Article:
When she returns, she is holding a card with a price tag on it, presumably suggesting I need – let’s call it a callous-shaving service – before we move on to the nails thing. I don’t know how she thought I said, “Yes,” but a few seconds later she’s using something off a construction-site to sheer off half my foot. I hear “Holy Christ, are you fucking kidding me?” come out of my mouth, but luckily the Vietnamese chatter drowned out most of my scream. As Tongue bores into my right sole, Lina appears with a white surgical facemask and a dipping bowl (you women have issues). Lina grabs my left hand and immerses it in one of those milky-like substances you see first-graders have running from their noses. She places my other hand in the dipping bowl as Tongue starts hacking at my other sole. Across the room, two women, who I’m fairly certain, were laughing at my mani-pedi-virginity, cover their mouths and shake.

In Vietnamese, the phrase Dep Trai means handsome. I know this because at least five of the staff passed by and said it to Tongue, who slurped back her agreement while Lina alpha-dogged about her dep trai client. Filbert even tossed out a dep trai with the sort of aggressive wink that suggested he might be willing to stay after hours if I could summon the interest.

I need to confess something. I’m a masculine, blue-collar-mentality guy who spends a lot of time sweating and mucking about in some pretty dirty areas. I pee on trees for God’s sake. The idea of nice nails being relevant in my life is slim. I don’t think it makes my top 1000 list of imperatives. But I’m aiming the philosophical arrow at something here.

By doing this Mani-Pedi thing, for a brief moment, I’ve slid down the masc.-fem. spectrum into the metrosexual zone. There’s this old joke about a modern day Lothario who sleeps with a thousand women and then has one drunken night with a guy named Biff and for the rest of his life he’s called a C-cksucker. I kind of feel like that, as though I’ve now done something to erode the fact that I like peeing from a standing position, that I am no longer allowed to root for football teams and stare at women’s breasts, that I now have to call a tow truck to fix my flat tire and might have to add conditioner to the whole morning shower routine, that I might someday have to let someone buy me dinner.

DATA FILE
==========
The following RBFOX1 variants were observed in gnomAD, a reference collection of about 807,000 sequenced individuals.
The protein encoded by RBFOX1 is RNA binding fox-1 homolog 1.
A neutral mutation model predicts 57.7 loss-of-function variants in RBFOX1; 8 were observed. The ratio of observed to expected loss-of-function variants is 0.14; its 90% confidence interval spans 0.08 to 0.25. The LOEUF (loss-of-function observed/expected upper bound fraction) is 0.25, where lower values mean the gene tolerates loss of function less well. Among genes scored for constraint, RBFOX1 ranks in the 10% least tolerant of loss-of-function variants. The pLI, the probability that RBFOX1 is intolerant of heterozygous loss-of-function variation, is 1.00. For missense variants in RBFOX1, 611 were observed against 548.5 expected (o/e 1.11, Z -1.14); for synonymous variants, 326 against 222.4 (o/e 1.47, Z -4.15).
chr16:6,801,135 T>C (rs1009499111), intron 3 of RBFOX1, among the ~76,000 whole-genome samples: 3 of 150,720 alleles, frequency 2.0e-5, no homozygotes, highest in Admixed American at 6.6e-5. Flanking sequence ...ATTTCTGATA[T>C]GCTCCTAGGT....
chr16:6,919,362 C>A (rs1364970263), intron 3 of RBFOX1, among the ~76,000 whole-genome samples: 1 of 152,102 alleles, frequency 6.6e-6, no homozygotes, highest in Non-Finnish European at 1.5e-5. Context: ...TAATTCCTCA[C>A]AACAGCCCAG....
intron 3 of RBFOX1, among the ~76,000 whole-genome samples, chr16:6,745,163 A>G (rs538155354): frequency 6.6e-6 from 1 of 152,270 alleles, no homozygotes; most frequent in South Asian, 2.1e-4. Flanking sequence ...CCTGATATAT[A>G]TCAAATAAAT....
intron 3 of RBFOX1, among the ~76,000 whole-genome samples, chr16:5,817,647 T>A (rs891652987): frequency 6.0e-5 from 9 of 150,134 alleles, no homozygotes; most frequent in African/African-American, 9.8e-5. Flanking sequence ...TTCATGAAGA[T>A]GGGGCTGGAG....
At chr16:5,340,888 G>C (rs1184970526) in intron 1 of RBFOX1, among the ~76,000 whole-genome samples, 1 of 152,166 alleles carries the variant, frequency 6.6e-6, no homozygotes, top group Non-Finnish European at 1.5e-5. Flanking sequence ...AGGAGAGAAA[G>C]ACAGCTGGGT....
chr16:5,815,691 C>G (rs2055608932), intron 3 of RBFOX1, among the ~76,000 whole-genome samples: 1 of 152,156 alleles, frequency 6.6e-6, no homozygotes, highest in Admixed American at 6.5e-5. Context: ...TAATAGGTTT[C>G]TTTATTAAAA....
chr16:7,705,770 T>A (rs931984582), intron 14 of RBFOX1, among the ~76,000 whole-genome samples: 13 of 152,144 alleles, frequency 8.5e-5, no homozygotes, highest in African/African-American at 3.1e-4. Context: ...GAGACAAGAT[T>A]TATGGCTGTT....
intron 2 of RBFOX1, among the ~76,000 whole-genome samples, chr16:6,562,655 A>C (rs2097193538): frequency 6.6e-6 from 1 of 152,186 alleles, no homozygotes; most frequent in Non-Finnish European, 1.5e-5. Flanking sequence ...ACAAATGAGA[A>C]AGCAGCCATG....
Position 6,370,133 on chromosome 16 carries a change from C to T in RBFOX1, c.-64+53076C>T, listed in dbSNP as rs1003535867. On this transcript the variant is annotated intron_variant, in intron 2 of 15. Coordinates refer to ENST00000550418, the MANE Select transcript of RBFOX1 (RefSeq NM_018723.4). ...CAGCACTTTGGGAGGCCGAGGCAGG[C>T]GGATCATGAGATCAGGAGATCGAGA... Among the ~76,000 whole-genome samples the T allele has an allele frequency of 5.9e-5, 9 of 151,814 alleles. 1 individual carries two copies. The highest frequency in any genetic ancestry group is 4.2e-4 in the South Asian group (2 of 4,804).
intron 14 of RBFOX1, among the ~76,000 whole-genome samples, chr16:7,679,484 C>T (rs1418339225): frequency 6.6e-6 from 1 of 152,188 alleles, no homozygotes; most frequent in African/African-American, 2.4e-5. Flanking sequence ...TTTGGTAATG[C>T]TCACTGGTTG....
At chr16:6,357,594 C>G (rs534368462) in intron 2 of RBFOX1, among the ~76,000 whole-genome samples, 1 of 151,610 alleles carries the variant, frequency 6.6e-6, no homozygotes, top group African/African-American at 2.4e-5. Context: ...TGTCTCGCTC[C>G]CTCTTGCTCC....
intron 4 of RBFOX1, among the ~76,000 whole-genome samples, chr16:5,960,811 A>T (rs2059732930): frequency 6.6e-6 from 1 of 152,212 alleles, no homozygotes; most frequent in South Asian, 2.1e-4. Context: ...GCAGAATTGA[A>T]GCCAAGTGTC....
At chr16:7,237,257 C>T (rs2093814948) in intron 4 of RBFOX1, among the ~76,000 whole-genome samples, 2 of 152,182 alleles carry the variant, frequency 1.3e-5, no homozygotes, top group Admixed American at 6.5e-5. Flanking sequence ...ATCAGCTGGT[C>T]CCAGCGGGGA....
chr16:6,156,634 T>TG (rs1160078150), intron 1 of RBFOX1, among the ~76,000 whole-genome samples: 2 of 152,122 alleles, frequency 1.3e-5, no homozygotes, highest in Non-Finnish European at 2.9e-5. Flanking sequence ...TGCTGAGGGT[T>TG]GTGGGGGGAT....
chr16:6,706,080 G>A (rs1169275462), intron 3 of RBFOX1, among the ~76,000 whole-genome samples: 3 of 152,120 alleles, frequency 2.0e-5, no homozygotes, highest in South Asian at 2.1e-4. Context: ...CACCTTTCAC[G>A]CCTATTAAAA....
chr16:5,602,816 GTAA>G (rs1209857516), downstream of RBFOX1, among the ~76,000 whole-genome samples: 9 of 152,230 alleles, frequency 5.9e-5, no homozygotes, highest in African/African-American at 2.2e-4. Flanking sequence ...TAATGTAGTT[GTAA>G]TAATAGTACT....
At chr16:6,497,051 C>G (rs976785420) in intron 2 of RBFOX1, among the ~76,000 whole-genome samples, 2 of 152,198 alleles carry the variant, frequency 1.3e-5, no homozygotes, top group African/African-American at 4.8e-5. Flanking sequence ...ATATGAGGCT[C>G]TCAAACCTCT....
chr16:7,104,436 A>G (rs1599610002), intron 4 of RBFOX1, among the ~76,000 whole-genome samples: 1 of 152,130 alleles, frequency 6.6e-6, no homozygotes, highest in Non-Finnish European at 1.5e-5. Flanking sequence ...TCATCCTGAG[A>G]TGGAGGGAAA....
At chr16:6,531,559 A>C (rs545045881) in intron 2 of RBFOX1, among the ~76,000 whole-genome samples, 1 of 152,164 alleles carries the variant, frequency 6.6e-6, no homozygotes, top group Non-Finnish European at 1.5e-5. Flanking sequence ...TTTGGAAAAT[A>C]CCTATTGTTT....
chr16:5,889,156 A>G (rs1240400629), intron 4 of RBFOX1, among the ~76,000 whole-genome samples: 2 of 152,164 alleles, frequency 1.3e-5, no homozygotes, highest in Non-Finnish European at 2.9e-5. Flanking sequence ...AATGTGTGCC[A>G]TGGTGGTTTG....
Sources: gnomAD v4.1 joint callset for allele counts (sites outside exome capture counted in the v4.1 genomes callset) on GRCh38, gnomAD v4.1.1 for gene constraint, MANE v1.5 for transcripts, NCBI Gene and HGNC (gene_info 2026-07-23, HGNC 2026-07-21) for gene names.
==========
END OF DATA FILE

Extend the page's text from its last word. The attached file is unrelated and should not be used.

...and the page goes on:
Lina files down the nails on my second hand and Tongue is now jamming cotton balls between my toes, an act, which she performs with the tenderness of a proctologist shoving a comforter up one’s ass.


And then both women disappear and I am left to stare out at the clientele, most of whom are staring right at me, presumably wondering about my gender-identification issues or who the woman was who forced me into this – I’m guessing Filbert is curious too.

Just when Ithink the discomfort is done, Lina and Tongue return, this time both wielding large plastic bags of a steaming orange waxy substance, which, it turns out, is steaming orange wax, and the temperature of lava, and now being wrapped around my hands and feet in ways that suggest both mummification and a sincere desire to burn the client to death. “It will moisten and soften your skin,” they say between my screams, and then Tongue gives a big smile that shows her dental habits are even worse than the British.

Seven burnt minutes later, I am sulking. The wax-filled bags have solidified and I’m pretty much catatonic in my leather chair, surrounded by a roomful of women laughing at my misery and suffering the lingering looks from Filbert-my-wanna-be-lover and a bunch of oompah-loompahish Vietnamese women that think I’m quite dep trai, but also, just a really big pussy.

Lina puts her hand on my shoulder and removes the wax bags. Imagine trying to open one of those plastic-wrapped electric razors or remote controls, the ones that stare at you like a caged monkey and then mock you while you rip and tear and scream your way through it, only to find out that what you’ve ripped off is actually just the front of the packaging and the razor is in the back and so you start to think about killing either the person that created this plastic tomb or yourself. Well, you get the point. Tongue is tugging and yanking the ones off of my feet. They both withhold their mocking for what I imagine is an effort to get a larger tip. I give them each $20 and tell them that if I ever walk in this door again, they are to kick me in the balls and send me back to my car. I figure that will save me a lot of pain and the price of a mani-pedi.

The point here is this: I have a newfound respect for the lengths women go to look groomed. For the future, I’m content with your nails being back-scratchingly long. And if your toes aren’t perfectly painted and aren’t baby’s ass soft, I’ll survive. Next week, I’m heading over to Vietnam to let them know the war is over. Hanoi no longer needs to send folks over here to torture our women. And as for my new look, well two hours and $50 later, I can’t tell the damn difference.

Post mani-pedi update:

Two days later, I began to feel pain in my feet, the result of the newly-shaved callouses now creating a completely different balance and walking terrain. The skin on my soles is now splitting and sore, and with the bleeding and sock lint now sticking to them, the whole thing looks like a Jackson Pollack painting gone awry.

By ccxander